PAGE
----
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Tag: israel

The world is a grain of sand spinning on its axis in an infinite universe

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Norman Finkelstein on Sanders, the first intifada, BDS, and ten years of unemployment

PART 1: SANDERS

Q. You’ve been canvassing for Bernie Sanders. Tell us why you’re so excited.

I’ve witnessed three great social movements in my lifetime, the Civil Rights Movement, the Antiwar Movement and this is the third. Bernie’s campaign took the Occupy movement, which was localized, and he elevated it to the national level. I don’t know what will come next. I doubt anyone knows. But it’s exhilarating to be part of it.

If you asked me one year ago whether young people would come out in these numbers, I would have laughed. My impression was that they were hooked on internet chatter and antidepressants. But the young folks in the campaign are so serious, so intelligent; they remind me of the Student Nonviolent Coordinating Committee (SNCC) folks from the early 1960s. I went on a bus ride to Massachusetts to campaign for Bernie. I was one of five in the alte kaker brigade. The rest were young people. It struck me that on the way home, there were no drugs, no one smoking marijuana, no alcohol. We got home at midnight or 1 am. It was a kind of moral austerity. Like, this is serious stuff, we’re not going to diminish it.

I have to say, it made me feel proud, for once, to be an American. On the other hand, these young people have good reason to be serious. They’re struggling for their future. If nothing comes of this, it’s really a black hole for them, a futureless future. They’re attending colleges with astronomical tuitions, coming out strapped with astronomical debt, then they have to pay astronomical interest rates, and—the worst is—there are no jobs out there. So they have a real (as we used to say) material interest in the Bernie Sanders campaign.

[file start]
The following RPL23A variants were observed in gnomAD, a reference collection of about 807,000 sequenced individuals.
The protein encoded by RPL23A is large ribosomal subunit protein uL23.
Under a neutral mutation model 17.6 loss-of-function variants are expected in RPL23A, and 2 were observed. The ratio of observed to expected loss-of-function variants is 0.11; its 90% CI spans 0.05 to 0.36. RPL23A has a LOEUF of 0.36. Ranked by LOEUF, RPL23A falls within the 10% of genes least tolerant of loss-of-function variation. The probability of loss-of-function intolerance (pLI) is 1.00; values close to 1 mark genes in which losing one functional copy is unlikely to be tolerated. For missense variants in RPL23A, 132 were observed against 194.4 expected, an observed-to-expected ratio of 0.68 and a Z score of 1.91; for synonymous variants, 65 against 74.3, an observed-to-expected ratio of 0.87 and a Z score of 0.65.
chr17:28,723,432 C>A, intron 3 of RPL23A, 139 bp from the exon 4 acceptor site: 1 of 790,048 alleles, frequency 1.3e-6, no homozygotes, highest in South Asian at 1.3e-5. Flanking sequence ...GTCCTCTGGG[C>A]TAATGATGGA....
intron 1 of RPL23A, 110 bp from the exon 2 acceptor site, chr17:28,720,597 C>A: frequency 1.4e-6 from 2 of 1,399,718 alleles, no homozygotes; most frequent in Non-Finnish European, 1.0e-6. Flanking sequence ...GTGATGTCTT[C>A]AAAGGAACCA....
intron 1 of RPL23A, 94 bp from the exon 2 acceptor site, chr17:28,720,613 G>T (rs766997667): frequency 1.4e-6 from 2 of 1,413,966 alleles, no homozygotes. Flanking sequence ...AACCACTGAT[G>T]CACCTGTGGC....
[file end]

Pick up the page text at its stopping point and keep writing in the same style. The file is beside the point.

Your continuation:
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Kosmoprolet 4

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Erhältlich ab September 2015 | 208 Seiten | 5 € / 6 CHF

Herausgegeben von den »Freundinnen und Freunden der klassenlosen Gesellschaft» (Berlin), »eiszeit« (Schweiz) und »la banda vaga« (Freiburg)

■ Editorial
■ Abseits des Spülbeckens. Fragmentarisches über Geschlechter und Kapital
■ Reflexionen über das Surplus-Proletariat. Phänomene, Theorie, Folgen
■ Elend und Schulden. Zur Logik und Geschichte von Überschussbevölkerungen und überschüssigem Kapital
■ Moloch und Heilsbringer. Zur Geschichte und Kritik des Sozialstaats
■ Israel, Palästina und der Universalismus
■ Leiharbeit. Ende der Identifikation mit der Ausbeutung oder doch nur Waffe des Kapitals?
■ Zwischen Eigentor und Aufstand. Ultras in den gegenwärtigen Revolten

Einzelexemplare gibt es bei Syndikat-A in Deutschland, sowie in verschiedenen Buch- und Infoläden zahlreicher Städte in Deutschland und der Schweiz. WiederverkäuferInnen bestellen über das Kontaktformular. Sie bekommen (inkl. Versandkosten): 3 Ex. für 12 €; 5 Ex. für 18 €; 10 Ex. für 35 €. Die Auslieferung erfolgt nur gegen Vorkasse auf das Konto: Weltcommune, Konto Nr.: 494584109, Postbank Berlin (BLZ 10010010). Als Verwendungszweck den Namen des Bestellers angeben.

Editorial

Das Jahr 2011, in dem die Leute an vielen Orten in Scharen auf die Straße und manchmal auf die Barrikaden gingen, wurde oft mit 1968 verglichen. Kommentatoren, denen Revolutionsromantik fern liegt, stellten verblüfft fest, dass weltweit sogar erheblich mehr Menschen in Bewegung geraten waren als im legendären Jahr der Revolte. Seitdem hat sich die Lage bekanntlich je nach Land eingetrübt oder pechschwarz verfinstert. Wo 2011 Plätze besetzt wurden, wie in Europa, herrscht wieder der bekannte Alltagstrott, ohne dass sich an den Gründen zum Aufbegehren etwas geändert hätte. Wo Diktaturen gestürzt oder wenigstens ins Wanken gebracht wurden, wie in der arabischen Welt, herrscht heute fast ausnahmslos das Militär oder ein Bürgerkrieg unter reger Beteiligung von Djihadisten. Aus dem großen Aufbruch ist nichts geworden, zumindest nichts Gutes. Fast scheint die Regel zu gelten, dass die Misere umso größer ist, je weiter die Rebellierenden gegangen sind. Stillhalten wird zwar nicht belohnt, aber wenigstens auch nicht bestraft.